Rising up against female genital mutilation
2 February 2017
  • An estimated 200 million women and girls alive today have undergone female genital mutilation (FGM), a practice that can cause chronic pain, infections, childbirth complications or even death. © UNFPA Egypt/Sima Diab
  • UNFPA and UNICEF lead a global programme dedicated to ending the practice. “The amount of suffering we go through as women who had FGM is huge,” said Hoda Hamed, who works with the programme in Egypt. © UNFPA Egypt/Sima Diab
  • Although there is no medical justification for FGM, about 1 in 5 girls who undergo it have the procedure performed by a trained medical professional. In Indonesia, a midwife explains that FGM is not recommended. Screenshot from the 2015 film Sunat Perem
  • Survivors of FGM can be powerful advocates for change. Fatuma Ahmed, in Ethiopia, was subjected to FGM as an infant. “I will continue to teach my community to spare their daughters this ordeal,” she said. © UNFPA/Abraham Gelaw
  • The media is also raising awareness of the dangers of FGM. Kenyan journalist Diana Kendi (left) won the 2016 Efua Dorkenoo Pan Africa Award for Reportage on FGM. The award was presented by Dolapo Osinbajo, wife of Nigeria's vice president. © UNFPA Nigeria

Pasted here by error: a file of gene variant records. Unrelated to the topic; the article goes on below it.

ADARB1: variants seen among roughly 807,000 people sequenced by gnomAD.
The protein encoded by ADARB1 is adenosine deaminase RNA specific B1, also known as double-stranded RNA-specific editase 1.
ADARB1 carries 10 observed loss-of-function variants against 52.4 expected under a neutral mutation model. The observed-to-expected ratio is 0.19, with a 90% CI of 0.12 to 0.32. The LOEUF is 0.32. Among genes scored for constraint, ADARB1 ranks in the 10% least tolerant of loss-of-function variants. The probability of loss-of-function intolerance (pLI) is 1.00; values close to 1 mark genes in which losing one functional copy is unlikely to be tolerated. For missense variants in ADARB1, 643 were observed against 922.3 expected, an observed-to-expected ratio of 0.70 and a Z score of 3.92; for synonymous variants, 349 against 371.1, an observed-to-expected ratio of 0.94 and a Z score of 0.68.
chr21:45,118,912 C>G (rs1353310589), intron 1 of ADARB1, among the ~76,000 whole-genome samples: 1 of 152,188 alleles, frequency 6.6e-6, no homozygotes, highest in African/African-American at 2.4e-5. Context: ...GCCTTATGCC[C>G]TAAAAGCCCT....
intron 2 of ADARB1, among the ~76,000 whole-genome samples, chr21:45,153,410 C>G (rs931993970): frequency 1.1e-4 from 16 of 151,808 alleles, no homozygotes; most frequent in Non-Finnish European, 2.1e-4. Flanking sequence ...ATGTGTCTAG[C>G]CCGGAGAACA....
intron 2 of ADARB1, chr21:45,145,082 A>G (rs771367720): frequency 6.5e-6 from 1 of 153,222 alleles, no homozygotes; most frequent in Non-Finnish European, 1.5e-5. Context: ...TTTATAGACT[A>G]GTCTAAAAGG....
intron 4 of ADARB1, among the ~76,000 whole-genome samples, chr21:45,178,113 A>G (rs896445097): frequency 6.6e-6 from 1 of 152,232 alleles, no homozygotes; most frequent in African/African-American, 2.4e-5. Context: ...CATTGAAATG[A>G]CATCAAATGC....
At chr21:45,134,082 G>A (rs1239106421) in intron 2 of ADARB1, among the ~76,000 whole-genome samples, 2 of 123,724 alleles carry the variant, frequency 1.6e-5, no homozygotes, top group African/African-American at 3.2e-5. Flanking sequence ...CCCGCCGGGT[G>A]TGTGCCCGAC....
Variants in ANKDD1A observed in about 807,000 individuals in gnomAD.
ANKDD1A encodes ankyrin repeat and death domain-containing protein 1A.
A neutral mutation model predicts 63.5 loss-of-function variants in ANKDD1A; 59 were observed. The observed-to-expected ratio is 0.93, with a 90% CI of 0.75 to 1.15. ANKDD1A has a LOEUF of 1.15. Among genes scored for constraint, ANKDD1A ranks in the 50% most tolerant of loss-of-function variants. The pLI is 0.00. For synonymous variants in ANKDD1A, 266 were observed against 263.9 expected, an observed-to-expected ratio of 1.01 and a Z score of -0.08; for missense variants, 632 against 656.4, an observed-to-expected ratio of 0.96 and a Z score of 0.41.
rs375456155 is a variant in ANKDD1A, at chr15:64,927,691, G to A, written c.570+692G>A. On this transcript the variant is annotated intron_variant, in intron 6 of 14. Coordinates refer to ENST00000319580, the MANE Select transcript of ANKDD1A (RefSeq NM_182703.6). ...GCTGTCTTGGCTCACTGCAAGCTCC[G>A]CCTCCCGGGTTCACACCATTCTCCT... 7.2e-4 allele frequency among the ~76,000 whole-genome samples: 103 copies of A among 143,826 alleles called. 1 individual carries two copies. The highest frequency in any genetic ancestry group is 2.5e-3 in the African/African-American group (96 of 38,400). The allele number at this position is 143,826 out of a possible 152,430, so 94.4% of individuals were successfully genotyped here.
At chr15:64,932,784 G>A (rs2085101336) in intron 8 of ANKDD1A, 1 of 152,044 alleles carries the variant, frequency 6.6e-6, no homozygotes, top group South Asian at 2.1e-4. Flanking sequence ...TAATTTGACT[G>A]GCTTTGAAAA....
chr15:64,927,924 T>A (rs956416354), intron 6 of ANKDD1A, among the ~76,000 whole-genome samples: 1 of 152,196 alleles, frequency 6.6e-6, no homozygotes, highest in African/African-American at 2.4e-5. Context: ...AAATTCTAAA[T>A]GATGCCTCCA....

• Such efforts are working. “We as women can't mistreat our children, our girls,” said Marinela Panchi Cortes, a member of the Emberá indigenous group in Colombia. FGM persists among certain Emberá communities. © UNFPA/Daniel Baldotto
  • “Girls should grow up as they were brought into this world,” Ms. Cortes said. © UNFPA/Daniel Baldotto
  • In the Gambia, Aja Babung Sidibeh used to gather girls for cutting. But she has stopped, and now urges others to do the same. “If we never go out of the dark, we will never see the light,” she said. © UNFPA/Kasandi Mulaa